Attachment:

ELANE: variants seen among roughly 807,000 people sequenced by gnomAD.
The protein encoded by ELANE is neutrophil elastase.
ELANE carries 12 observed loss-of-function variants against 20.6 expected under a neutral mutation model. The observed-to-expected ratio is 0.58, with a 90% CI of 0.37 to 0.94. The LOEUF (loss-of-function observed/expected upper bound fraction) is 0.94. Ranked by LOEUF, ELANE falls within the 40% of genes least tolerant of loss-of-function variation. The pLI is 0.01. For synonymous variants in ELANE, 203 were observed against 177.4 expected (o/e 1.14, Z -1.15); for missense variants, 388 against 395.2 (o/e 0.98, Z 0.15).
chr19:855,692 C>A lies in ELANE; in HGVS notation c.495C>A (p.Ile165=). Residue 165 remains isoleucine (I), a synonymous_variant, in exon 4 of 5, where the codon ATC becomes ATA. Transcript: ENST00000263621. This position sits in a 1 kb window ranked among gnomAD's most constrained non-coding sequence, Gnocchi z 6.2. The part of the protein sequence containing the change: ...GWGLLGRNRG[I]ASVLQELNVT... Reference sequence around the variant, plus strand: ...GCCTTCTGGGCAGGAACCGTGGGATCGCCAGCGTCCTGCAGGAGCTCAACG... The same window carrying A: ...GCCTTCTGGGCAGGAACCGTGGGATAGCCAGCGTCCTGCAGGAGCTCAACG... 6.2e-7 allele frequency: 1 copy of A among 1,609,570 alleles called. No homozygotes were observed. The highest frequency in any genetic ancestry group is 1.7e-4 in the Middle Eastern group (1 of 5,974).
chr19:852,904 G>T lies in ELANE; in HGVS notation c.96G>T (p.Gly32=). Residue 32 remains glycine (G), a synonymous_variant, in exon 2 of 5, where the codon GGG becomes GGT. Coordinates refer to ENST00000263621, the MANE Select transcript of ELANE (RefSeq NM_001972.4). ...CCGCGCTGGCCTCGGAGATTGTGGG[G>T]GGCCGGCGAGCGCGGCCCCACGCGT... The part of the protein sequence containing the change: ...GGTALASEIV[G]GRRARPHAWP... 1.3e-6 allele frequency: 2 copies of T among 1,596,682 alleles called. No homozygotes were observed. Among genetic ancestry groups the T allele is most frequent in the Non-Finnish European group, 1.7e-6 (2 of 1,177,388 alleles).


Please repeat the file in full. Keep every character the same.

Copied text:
ELANE: variants seen among roughly 807,000 people sequenced by gnomAD.
The protein encoded by ELANE is neutrophil elastase.
ELANE carries 12 observed loss-of-function variants against 20.6 expected under a neutral mutation model. The observed-to-expected ratio is 0.58, with a 90% CI of 0.37 to 0.94. The LOEUF (loss-of-function observed/expected upper bound fraction) is 0.94. Ranked by LOEUF, ELANE falls within the 40% of genes least tolerant of loss-of-function variation. The pLI is 0.01. For synonymous variants in ELANE, 203 were observed against 177.4 expected (o/e 1.14, Z -1.15); for missense variants, 388 against 395.2 (o/e 0.98, Z 0.15).
chr19:855,692 C>A lies in ELANE; in HGVS notation c.495C>A (p.Ile165=). Residue 165 remains isoleucine (I), a synonymous_variant, in exon 4 of 5, where the codon ATC becomes ATA. Transcript: ENST00000263621. This position sits in a 1 kb window ranked among gnomAD's most constrained non-coding sequence, Gnocchi z 6.2. The part of the protein sequence containing the change: ...GWGLLGRNRG[I]ASVLQELNVT... Reference sequence around the variant, plus strand: ...GCCTTCTGGGCAGGAACCGTGGGATCGCCAGCGTCCTGCAGGAGCTCAACG... The same window carrying A: ...GCCTTCTGGGCAGGAACCGTGGGATAGCCAGCGTCCTGCAGGAGCTCAACG... 6.2e-7 allele frequency: 1 copy of A among 1,609,570 alleles called. No homozygotes were observed. The highest frequency in any genetic ancestry group is 1.7e-4 in the Middle Eastern group (1 of 5,974).
chr19:852,904 G>T lies in ELANE; in HGVS notation c.96G>T (p.Gly32=). Residue 32 remains glycine (G), a synonymous_variant, in exon 2 of 5, where the codon GGG becomes GGT. Coordinates refer to ENST00000263621, the MANE Select transcript of ELANE (RefSeq NM_001972.4). ...CCGCGCTGGCCTCGGAGATTGTGGG[G>T]GGCCGGCGAGCGCGGCCCCACGCGT... The part of the protein sequence containing the change: ...GGTALASEIV[G]GRRARPHAWP... 1.3e-6 allele frequency: 2 copies of T among 1,596,682 alleles called. No homozygotes were observed. Among genetic ancestry groups the T allele is most frequent in the Non-Finnish European group, 1.7e-6 (2 of 1,177,388 alleles).